While most players in the world of digital retail have felt the sting of the “Amazon Effect,” extreme discount retailers, or “dollar stores,” have remained mostly immune to the onslaught thus far. They’re tallied a customer base nearly 100 million strong and have constructed plans for growth when other brick-and-mortar players are looking to shrink their physical footprint in favor of growing a digital presence.
There are variations on the theme: Some brick-and-mortar retailers, like Dollar Tree and 99 Cents Only, strictly sell all their goods for a dollar or less, whereas chains like Family Dollar and Dollar General keep their prices low — under $10. With such bargain pricing, dollar stores tend to attract the lowest income customers. Family Dollar and Dollar General’s largest cohort of shoppers, as individuals and as a family, earn about $8,000 less annually than the typical Walmart shopper, with average household incomes of $44,972 and $45,640, respectively, to Walmart’s household average of $53,125.
Low-income consumers tend to be the market segment where online commerce has the weakest penetration, as they’re the customers most likely to be unbanked or underbanked (with the least access to payment methods necessary to pay online) and often have difficulty coughing up the cash to make their orders large enough to qualify for free shipping ($35 tends to be the market minimum unless a special is going on) or for speciality programs like Prime (though that is changing).
Retail experts — who, like Silicon Valley, have long ignored the extreme discount shoppers — are starting to reconsider. While lower income consumers make up the various dollar chains’ largest customer segment (25 percent to 30 percent of their customers make more than $60K a year), those value shoppers are certainly able and willing to shop online. And, while individual spend among lower income consumers is far lower than their affluent counterparts, a full 50 percent of the U.S. population makes lower income wages. In aggregate, their spend is valuable.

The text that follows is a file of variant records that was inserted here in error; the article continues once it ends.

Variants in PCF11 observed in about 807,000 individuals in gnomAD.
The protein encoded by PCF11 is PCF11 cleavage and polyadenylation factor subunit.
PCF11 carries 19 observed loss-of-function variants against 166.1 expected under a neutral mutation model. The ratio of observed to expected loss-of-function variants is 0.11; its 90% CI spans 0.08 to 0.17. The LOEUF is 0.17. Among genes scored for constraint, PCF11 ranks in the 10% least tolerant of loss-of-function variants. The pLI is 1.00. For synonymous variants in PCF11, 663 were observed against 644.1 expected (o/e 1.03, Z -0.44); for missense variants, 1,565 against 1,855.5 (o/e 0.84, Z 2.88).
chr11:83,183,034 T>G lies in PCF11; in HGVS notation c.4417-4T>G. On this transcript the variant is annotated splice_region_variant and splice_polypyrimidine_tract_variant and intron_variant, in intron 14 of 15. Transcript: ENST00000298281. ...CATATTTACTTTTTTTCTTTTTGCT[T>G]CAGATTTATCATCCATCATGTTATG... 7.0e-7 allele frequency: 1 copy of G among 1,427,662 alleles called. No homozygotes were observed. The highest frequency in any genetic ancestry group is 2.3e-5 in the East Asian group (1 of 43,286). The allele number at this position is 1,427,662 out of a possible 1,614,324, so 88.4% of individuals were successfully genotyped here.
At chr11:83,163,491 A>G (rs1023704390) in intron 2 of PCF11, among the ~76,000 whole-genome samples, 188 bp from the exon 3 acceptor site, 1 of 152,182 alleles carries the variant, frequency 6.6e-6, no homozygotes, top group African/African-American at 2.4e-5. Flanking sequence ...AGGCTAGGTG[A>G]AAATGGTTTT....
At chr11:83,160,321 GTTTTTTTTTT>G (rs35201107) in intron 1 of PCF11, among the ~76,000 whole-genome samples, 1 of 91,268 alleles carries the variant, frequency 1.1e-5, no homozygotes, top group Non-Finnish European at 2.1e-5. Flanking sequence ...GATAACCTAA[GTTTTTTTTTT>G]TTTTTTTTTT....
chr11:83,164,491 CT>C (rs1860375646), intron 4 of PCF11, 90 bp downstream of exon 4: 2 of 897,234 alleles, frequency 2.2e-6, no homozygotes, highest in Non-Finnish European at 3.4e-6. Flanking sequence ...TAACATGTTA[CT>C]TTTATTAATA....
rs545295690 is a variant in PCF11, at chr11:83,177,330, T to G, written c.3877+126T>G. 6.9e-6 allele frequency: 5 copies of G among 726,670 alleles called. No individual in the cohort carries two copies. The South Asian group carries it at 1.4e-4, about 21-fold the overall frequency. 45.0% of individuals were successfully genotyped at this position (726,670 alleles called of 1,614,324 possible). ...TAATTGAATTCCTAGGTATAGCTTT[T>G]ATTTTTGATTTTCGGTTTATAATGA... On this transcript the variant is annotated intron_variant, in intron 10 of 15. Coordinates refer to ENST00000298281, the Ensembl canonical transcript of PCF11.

Hence the growth of all those brick-and-mortar dollar stores.
The bigger brands are making a bigger push to capture those customers too, but for the last several years, Hollar has been after the segment and building value.
The Hollar Difference
Hollar’s CEO David Yeom knows his way around a dollar retailer. His East Los Angeles youth was spent finding creative ways to expend his allowance there.
When it came time to enter the world of eCommerce, Yeom and Co-Founder John Um transported much of the Dollar Store appeal to the web. If you’re looking for a fancy user experience, you’re looking in the wrong place: The charm of Hollar is in the sort of directness and prominent pricing displays that distinguishes a good discount retail run.
Most of the company’s inventory goes for $2, and $10 is the price cap; shipping is free at $25 (which will net a shopper an awful lot of inventory). Some of the brands are named and are very recognizable, if rather marked down. Others — like Num Noms candy — are for the adventurous dealseeker willing to try a new thing for the right cheap price.
As for Hollar’s customers, in some ways they’re familiar to anyone who spends a good deal of time looking at the demographics of eCommerce: Moms aged 25 to 34. But, Yeom noted, those eCommerce moms are also a bit different — skewing less urban, less coastal and much less affluent than their counterparts in digital commerce.
“It fills us with a tremendous amount of pride that 80 percent of the shipments being sent out of our warehouse is to outside California and New York,” Yeom told Fast Company. “It’s going to Middle America. And we embrace it.”
Success, of course, is an easy thing to embrace, as the firm reports double-digit sales increases monthly and an average basket size that has swelled to $30.
“It’s an area that has been underserved,” Yeom said. “There’s been, historically, a lack of innovation to do more for this segment [in eCommerce], and you will find more and more businesses will start to cater to them.”
The Emerging Competition
In fact, those competing innovations have started to emerge. Amazon has lowered the cost of its Prime Membership to around $7 a month for consumers enrolled in the food stamps program. The company has also recently introduced an under $10 store of its own that feels similar to Hollar’s offering.
However, Yeom is ready to battle it out. Vendors will be held to Hollar’s low price model, but the company plans to open up their platform to other merchants so consumers can access an even wider range of goods.
While Amazon ventures into the dollar discount space, Yeom is unworried about a serious push to knock them out of business.
“Amazon is trying to go higher in item price, not less,” he emphasized.